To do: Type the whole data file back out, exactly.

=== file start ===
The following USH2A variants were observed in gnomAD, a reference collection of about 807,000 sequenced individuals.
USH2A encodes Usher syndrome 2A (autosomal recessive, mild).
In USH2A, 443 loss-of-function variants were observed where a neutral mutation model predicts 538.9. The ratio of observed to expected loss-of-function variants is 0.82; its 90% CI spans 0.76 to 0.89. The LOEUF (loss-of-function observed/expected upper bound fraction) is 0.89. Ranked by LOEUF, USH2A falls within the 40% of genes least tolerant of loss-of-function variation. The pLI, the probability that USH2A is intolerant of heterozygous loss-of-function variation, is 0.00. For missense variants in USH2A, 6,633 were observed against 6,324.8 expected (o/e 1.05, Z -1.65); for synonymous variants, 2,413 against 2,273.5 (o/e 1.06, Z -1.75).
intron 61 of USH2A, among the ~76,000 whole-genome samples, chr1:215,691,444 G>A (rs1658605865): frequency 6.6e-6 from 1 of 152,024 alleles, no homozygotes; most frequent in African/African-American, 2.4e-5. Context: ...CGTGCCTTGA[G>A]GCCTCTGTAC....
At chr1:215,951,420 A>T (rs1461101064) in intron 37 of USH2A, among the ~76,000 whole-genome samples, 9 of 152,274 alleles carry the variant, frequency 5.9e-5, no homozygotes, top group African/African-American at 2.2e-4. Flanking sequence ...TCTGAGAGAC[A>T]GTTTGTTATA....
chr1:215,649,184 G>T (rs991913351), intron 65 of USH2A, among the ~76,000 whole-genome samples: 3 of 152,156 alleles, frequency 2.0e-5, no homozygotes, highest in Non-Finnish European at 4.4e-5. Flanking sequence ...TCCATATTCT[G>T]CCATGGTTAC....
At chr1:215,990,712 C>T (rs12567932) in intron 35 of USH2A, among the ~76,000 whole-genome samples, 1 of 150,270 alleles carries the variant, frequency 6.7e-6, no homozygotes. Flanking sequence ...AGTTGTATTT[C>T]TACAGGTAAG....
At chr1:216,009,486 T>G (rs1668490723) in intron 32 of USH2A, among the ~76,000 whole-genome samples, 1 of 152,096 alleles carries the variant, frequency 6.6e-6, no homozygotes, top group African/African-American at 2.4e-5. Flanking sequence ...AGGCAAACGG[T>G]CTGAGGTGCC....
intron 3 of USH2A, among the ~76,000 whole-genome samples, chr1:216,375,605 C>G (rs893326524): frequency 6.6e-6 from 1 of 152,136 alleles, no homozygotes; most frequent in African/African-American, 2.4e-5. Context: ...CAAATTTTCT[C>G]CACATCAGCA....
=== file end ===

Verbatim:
The following USH2A variants were observed in gnomAD, a reference collection of about 807,000 sequenced individuals.
USH2A encodes Usher syndrome 2A (autosomal recessive, mild).
In USH2A, 443 loss-of-function variants were observed where a neutral mutation model predicts 538.9. The ratio of observed to expected loss-of-function variants is 0.82; its 90% CI spans 0.76 to 0.89. The LOEUF (loss-of-function observed/expected upper bound fraction) is 0.89. Ranked by LOEUF, USH2A falls within the 40% of genes least tolerant of loss-of-function variation. The pLI, the probability that USH2A is intolerant of heterozygous loss-of-function variation, is 0.00. For missense variants in USH2A, 6,633 were observed against 6,324.8 expected (o/e 1.05, Z -1.65); for synonymous variants, 2,413 against 2,273.5 (o/e 1.06, Z -1.75).
intron 61 of USH2A, among the ~76,000 whole-genome samples, chr1:215,691,444 G>A (rs1658605865): frequency 6.6e-6 from 1 of 152,024 alleles, no homozygotes; most frequent in African/African-American, 2.4e-5. Context: ...CGTGCCTTGA[G>A]GCCTCTGTAC....
At chr1:215,951,420 A>T (rs1461101064) in intron 37 of USH2A, among the ~76,000 whole-genome samples, 9 of 152,274 alleles carry the variant, frequency 5.9e-5, no homozygotes, top group African/African-American at 2.2e-4. Flanking sequence ...TCTGAGAGAC[A>T]GTTTGTTATA....
chr1:215,649,184 G>T (rs991913351), intron 65 of USH2A, among the ~76,000 whole-genome samples: 3 of 152,156 alleles, frequency 2.0e-5, no homozygotes, highest in Non-Finnish European at 4.4e-5. Flanking sequence ...TCCATATTCT[G>T]CCATGGTTAC....
At chr1:215,990,712 C>T (rs12567932) in intron 35 of USH2A, among the ~76,000 whole-genome samples, 1 of 150,270 alleles carries the variant, frequency 6.7e-6, no homozygotes. Flanking sequence ...AGTTGTATTT[C>T]TACAGGTAAG....
At chr1:216,009,486 T>G (rs1668490723) in intron 32 of USH2A, among the ~76,000 whole-genome samples, 1 of 152,096 alleles carries the variant, frequency 6.6e-6, no homozygotes, top group African/African-American at 2.4e-5. Flanking sequence ...AGGCAAACGG[T>G]CTGAGGTGCC....
intron 3 of USH2A, among the ~76,000 whole-genome samples, chr1:216,375,605 C>G (rs893326524): frequency 6.6e-6 from 1 of 152,136 alleles, no homozygotes; most frequent in African/African-American, 2.4e-5. Context: ...CAAATTTTCT[C>G]CACATCAGCA....